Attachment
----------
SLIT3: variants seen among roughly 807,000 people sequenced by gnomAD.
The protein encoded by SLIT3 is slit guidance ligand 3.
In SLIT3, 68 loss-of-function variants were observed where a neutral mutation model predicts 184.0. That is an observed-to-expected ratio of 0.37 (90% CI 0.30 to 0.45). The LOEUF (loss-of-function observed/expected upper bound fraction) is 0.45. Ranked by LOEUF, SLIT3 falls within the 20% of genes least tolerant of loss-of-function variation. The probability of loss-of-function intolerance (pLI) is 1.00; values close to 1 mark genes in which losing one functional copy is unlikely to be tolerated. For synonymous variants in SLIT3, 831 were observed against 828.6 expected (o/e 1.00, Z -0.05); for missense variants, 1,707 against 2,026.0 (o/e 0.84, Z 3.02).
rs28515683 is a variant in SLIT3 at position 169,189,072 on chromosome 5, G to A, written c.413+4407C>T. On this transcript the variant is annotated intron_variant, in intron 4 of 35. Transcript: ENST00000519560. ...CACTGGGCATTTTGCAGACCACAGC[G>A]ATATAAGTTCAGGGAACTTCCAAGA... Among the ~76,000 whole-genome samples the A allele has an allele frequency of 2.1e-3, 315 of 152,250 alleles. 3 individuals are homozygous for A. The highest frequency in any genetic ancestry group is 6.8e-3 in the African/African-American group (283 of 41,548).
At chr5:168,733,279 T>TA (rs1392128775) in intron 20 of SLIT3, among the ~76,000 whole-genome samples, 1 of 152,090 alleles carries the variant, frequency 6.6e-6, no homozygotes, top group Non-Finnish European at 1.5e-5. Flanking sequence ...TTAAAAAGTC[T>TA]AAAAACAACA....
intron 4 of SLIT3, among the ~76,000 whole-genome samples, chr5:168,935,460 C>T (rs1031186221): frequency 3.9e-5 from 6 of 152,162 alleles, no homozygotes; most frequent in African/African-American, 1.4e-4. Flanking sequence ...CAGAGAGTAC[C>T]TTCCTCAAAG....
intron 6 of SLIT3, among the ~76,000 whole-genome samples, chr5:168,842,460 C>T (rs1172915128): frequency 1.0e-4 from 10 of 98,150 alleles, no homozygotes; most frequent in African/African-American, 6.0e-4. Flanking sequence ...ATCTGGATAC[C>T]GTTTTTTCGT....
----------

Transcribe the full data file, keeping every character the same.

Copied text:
SLIT3: variants seen among roughly 807,000 people sequenced by gnomAD.
The protein encoded by SLIT3 is slit guidance ligand 3.
In SLIT3, 68 loss-of-function variants were observed where a neutral mutation model predicts 184.0. That is an observed-to-expected ratio of 0.37 (90% CI 0.30 to 0.45). The LOEUF (loss-of-function observed/expected upper bound fraction) is 0.45. Ranked by LOEUF, SLIT3 falls within the 20% of genes least tolerant of loss-of-function variation. The probability of loss-of-function intolerance (pLI) is 1.00; values close to 1 mark genes in which losing one functional copy is unlikely to be tolerated. For synonymous variants in SLIT3, 831 were observed against 828.6 expected (o/e 1.00, Z -0.05); for missense variants, 1,707 against 2,026.0 (o/e 0.84, Z 3.02).
rs28515683 is a variant in SLIT3 at position 169,189,072 on chromosome 5, G to A, written c.413+4407C>T. On this transcript the variant is annotated intron_variant, in intron 4 of 35. Transcript: ENST00000519560. ...CACTGGGCATTTTGCAGACCACAGC[G>A]ATATAAGTTCAGGGAACTTCCAAGA... Among the ~76,000 whole-genome samples the A allele has an allele frequency of 2.1e-3, 315 of 152,250 alleles. 3 individuals are homozygous for A. The highest frequency in any genetic ancestry group is 6.8e-3 in the African/African-American group (283 of 41,548).
At chr5:168,733,279 T>TA (rs1392128775) in intron 20 of SLIT3, among the ~76,000 whole-genome samples, 1 of 152,090 alleles carries the variant, frequency 6.6e-6, no homozygotes, top group Non-Finnish European at 1.5e-5. Flanking sequence ...TTAAAAAGTC[T>TA]AAAAACAACA....
intron 4 of SLIT3, among the ~76,000 whole-genome samples, chr5:168,935,460 C>T (rs1031186221): frequency 3.9e-5 from 6 of 152,162 alleles, no homozygotes; most frequent in African/African-American, 1.4e-4. Flanking sequence ...CAGAGAGTAC[C>T]TTCCTCAAAG....
intron 6 of SLIT3, among the ~76,000 whole-genome samples, chr5:168,842,460 C>T (rs1172915128): frequency 1.0e-4 from 10 of 98,150 alleles, no homozygotes; most frequent in African/African-American, 6.0e-4. Flanking sequence ...ATCTGGATAC[C>T]GTTTTTTCGT....